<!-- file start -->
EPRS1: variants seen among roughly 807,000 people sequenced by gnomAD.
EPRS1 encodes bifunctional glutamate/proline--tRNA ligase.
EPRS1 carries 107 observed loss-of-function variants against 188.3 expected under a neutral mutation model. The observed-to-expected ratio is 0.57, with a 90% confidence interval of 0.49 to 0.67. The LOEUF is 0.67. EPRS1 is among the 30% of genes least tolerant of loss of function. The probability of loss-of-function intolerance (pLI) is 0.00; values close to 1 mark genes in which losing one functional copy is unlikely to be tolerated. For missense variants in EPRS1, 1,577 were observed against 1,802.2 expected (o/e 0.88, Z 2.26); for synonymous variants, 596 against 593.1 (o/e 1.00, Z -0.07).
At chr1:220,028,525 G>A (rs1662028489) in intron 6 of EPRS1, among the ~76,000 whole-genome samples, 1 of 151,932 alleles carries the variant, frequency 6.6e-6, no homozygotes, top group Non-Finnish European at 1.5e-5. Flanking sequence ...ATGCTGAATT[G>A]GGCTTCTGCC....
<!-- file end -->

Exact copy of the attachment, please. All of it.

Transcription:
EPRS1: variants seen among roughly 807,000 people sequenced by gnomAD.
EPRS1 encodes bifunctional glutamate/proline--tRNA ligase.
EPRS1 carries 107 observed loss-of-function variants against 188.3 expected under a neutral mutation model. The observed-to-expected ratio is 0.57, with a 90% confidence interval of 0.49 to 0.67. The LOEUF is 0.67. EPRS1 is among the 30% of genes least tolerant of loss of function. The probability of loss-of-function intolerance (pLI) is 0.00; values close to 1 mark genes in which losing one functional copy is unlikely to be tolerated. For missense variants in EPRS1, 1,577 were observed against 1,802.2 expected (o/e 0.88, Z 2.26); for synonymous variants, 596 against 593.1 (o/e 1.00, Z -0.07).
At chr1:220,028,525 G>A (rs1662028489) in intron 6 of EPRS1, among the ~76,000 whole-genome samples, 1 of 151,932 alleles carries the variant, frequency 6.6e-6, no homozygotes, top group Non-Finnish European at 1.5e-5. Flanking sequence ...ATGCTGAATT[G>A]GGCTTCTGCC....